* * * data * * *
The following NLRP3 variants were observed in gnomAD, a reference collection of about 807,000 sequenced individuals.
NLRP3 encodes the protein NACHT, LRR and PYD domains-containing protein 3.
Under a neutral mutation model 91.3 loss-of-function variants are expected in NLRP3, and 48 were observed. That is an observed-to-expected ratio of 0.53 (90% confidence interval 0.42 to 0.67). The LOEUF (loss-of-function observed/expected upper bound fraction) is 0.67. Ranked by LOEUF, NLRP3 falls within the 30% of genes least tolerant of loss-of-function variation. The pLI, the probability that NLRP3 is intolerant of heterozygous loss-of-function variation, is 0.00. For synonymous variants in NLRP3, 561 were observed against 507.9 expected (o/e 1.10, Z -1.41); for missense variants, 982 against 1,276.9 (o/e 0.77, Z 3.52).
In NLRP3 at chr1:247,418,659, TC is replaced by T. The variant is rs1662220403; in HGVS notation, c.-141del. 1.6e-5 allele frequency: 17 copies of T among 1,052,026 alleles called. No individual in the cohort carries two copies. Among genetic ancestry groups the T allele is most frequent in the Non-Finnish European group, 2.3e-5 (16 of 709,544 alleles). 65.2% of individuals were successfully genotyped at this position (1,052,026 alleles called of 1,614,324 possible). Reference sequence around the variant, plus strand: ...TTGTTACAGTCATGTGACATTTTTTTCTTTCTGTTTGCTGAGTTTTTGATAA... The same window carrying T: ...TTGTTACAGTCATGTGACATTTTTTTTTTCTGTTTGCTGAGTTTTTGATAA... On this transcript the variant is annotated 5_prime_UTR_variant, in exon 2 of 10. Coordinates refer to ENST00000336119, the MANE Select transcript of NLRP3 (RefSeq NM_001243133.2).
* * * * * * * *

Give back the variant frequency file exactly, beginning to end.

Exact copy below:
The following NLRP3 variants were observed in gnomAD, a reference collection of about 807,000 sequenced individuals.
NLRP3 encodes the protein NACHT, LRR and PYD domains-containing protein 3.
Under a neutral mutation model 91.3 loss-of-function variants are expected in NLRP3, and 48 were observed. That is an observed-to-expected ratio of 0.53 (90% confidence interval 0.42 to 0.67). The LOEUF (loss-of-function observed/expected upper bound fraction) is 0.67. Ranked by LOEUF, NLRP3 falls within the 30% of genes least tolerant of loss-of-function variation. The pLI, the probability that NLRP3 is intolerant of heterozygous loss-of-function variation, is 0.00. For synonymous variants in NLRP3, 561 were observed against 507.9 expected (o/e 1.10, Z -1.41); for missense variants, 982 against 1,276.9 (o/e 0.77, Z 3.52).
In NLRP3 at chr1:247,418,659, TC is replaced by T. The variant is rs1662220403; in HGVS notation, c.-141del. 1.6e-5 allele frequency: 17 copies of T among 1,052,026 alleles called. No individual in the cohort carries two copies. Among genetic ancestry groups the T allele is most frequent in the Non-Finnish European group, 2.3e-5 (16 of 709,544 alleles). 65.2% of individuals were successfully genotyped at this position (1,052,026 alleles called of 1,614,324 possible). Reference sequence around the variant, plus strand: ...TTGTTACAGTCATGTGACATTTTTTTCTTTCTGTTTGCTGAGTTTTTGATAA... The same window carrying T: ...TTGTTACAGTCATGTGACATTTTTTTTTTCTGTTTGCTGAGTTTTTGATAA... On this transcript the variant is annotated 5_prime_UTR_variant, in exon 2 of 10. Coordinates refer to ENST00000336119, the MANE Select transcript of NLRP3 (RefSeq NM_001243133.2).